order a service provider to disclose to the personal representative of an estate the deceased user’s records for the 18-month period prior to the date of death, but not the contents of the user’s electronic communications or stored contents.
To achieve this, the representative must file a motion accompanied by an affidavit which states that:
The user is deceased and was a subscriber of or customer of the provider;
the account belonging to the deceased user has been reasonably identified;
there are no other authorized users or owners of the account, or if there are other authorized users, that all such users expressly consented in written or electronic form to disclosure of the records to the personal representative;
the request for disclosure is for the purpose of the estate administration of the estate; and
if the user has a will, that the request is not in conflict with the will.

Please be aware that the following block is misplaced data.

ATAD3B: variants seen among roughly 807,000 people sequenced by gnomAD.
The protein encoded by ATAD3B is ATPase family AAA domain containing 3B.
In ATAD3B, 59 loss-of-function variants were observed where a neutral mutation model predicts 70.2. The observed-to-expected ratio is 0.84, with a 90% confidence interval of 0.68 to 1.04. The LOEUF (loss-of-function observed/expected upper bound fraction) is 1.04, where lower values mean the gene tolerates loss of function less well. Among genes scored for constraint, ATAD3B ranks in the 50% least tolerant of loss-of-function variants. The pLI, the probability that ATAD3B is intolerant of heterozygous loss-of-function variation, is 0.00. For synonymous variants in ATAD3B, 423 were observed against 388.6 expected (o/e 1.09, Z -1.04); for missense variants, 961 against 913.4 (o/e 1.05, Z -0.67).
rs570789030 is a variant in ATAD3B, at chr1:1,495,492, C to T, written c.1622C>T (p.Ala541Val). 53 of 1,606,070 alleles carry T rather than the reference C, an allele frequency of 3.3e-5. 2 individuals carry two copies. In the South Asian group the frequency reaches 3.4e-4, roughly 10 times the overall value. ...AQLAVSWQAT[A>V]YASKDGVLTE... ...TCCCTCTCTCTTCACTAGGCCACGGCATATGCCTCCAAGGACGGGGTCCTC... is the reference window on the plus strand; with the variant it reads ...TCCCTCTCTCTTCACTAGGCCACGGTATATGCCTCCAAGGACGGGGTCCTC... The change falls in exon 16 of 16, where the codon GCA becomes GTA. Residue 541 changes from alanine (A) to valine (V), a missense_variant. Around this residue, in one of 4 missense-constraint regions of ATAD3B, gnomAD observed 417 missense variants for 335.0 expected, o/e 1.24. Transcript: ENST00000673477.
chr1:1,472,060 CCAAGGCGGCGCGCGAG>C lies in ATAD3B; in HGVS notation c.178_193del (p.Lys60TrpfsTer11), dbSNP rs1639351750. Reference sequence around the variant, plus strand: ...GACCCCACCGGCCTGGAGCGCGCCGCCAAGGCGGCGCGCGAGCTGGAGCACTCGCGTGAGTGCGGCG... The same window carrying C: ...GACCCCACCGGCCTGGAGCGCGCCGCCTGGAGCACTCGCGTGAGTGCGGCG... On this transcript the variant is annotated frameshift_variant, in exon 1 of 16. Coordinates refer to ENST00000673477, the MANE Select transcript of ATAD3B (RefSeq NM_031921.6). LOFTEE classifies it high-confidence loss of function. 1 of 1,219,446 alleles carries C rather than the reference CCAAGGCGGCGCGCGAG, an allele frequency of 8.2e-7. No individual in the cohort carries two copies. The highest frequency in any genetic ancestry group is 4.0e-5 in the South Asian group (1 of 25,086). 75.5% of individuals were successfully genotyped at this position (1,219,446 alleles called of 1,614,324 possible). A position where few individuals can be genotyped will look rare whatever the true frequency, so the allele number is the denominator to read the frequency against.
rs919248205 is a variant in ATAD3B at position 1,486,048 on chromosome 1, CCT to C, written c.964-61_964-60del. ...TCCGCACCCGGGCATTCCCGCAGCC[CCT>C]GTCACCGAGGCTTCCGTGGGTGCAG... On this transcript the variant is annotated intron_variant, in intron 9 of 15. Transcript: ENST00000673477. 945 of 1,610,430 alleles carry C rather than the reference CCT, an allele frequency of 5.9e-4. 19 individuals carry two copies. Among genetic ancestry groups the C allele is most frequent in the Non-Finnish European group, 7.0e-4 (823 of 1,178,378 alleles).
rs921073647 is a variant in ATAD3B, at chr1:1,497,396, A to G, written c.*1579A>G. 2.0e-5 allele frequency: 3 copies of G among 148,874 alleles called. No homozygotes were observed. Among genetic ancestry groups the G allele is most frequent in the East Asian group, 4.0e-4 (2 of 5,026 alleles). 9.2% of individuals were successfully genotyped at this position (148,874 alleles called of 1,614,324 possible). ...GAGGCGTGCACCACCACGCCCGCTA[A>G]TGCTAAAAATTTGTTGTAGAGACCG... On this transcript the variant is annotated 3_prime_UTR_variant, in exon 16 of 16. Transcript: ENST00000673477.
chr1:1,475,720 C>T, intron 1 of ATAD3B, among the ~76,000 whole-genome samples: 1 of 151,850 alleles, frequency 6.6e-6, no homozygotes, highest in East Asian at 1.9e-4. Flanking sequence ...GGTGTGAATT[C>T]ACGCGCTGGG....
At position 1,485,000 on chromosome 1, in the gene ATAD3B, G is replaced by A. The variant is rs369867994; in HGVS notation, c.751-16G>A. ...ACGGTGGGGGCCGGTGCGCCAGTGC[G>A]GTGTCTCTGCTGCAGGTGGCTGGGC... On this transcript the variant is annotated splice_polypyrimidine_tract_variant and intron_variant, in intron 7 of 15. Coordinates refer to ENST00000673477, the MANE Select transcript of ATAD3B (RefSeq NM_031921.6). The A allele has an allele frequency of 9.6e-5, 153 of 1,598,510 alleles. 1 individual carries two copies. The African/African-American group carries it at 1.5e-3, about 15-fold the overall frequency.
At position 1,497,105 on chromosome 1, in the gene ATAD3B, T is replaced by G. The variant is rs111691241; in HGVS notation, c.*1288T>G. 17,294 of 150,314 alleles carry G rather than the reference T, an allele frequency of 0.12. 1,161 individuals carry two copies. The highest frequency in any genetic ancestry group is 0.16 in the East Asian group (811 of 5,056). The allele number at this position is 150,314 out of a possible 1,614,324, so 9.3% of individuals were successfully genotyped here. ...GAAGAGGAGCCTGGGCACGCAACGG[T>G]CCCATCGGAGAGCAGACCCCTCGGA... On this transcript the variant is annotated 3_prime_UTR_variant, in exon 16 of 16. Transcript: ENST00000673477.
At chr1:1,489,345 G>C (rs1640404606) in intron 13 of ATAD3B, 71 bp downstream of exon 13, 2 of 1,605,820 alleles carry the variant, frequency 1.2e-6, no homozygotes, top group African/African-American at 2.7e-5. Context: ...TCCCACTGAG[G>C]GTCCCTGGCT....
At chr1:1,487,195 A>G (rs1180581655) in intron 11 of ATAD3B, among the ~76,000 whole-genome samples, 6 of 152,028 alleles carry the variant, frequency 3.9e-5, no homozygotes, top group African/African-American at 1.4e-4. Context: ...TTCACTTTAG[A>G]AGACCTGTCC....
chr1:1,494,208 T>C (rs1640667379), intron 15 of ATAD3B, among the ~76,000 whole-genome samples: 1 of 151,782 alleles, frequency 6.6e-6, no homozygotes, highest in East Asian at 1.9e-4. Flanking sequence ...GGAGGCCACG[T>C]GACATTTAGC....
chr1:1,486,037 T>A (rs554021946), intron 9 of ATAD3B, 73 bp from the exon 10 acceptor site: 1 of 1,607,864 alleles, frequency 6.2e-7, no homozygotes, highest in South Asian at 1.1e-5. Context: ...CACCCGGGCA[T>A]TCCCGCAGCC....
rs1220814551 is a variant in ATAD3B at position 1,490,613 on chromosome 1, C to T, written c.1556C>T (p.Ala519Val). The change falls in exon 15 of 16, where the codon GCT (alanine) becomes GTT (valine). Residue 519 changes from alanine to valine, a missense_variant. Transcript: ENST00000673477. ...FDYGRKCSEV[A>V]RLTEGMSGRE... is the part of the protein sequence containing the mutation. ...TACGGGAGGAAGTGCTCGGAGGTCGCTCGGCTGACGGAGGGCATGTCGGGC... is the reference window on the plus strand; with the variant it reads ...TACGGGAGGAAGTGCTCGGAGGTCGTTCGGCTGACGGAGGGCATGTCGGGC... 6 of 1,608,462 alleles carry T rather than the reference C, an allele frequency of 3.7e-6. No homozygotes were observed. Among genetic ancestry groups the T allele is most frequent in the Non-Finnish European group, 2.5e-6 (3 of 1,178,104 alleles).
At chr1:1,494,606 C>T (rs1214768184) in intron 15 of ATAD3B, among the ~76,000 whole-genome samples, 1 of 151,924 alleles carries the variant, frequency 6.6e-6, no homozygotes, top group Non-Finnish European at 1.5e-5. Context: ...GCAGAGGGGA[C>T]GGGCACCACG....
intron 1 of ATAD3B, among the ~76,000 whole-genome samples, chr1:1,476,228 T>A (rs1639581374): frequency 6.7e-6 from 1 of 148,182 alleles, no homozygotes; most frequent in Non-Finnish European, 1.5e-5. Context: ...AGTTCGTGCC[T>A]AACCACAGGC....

Upon demonstration of need, it is possible for the personal representative to receive permission to access records older than 18 months. Further, provided that the deceased user authorized the personal representative to access the information, the Court may authorize the provider to reveal the contents of the communications. To satisfy the Court, a will should state that the executor have access to these digital assets. It can identify the accounts by name but it should not provide detailed account information and passwords. A will is a document which gets filed publically upon the death of its maker. Account details are better placed in a trust agreement which remains a private contract between the trust maker and the trustee.
What is evident is that while the Privacy Expectations and Afterlife Choices Act provides some relief, it has its limits and involves the time and expense of going to Court. Seeking judicial relief is a last resort in estate administration. With proper planning there are methods to avoid the time, expense and stress.
Individuals with a substantial amount of digital assets may want to consider a trust for digital assets. The maker of the trust could provide the trustee with detailed information in a private document with instructions for management and the disposition of those assets upon death.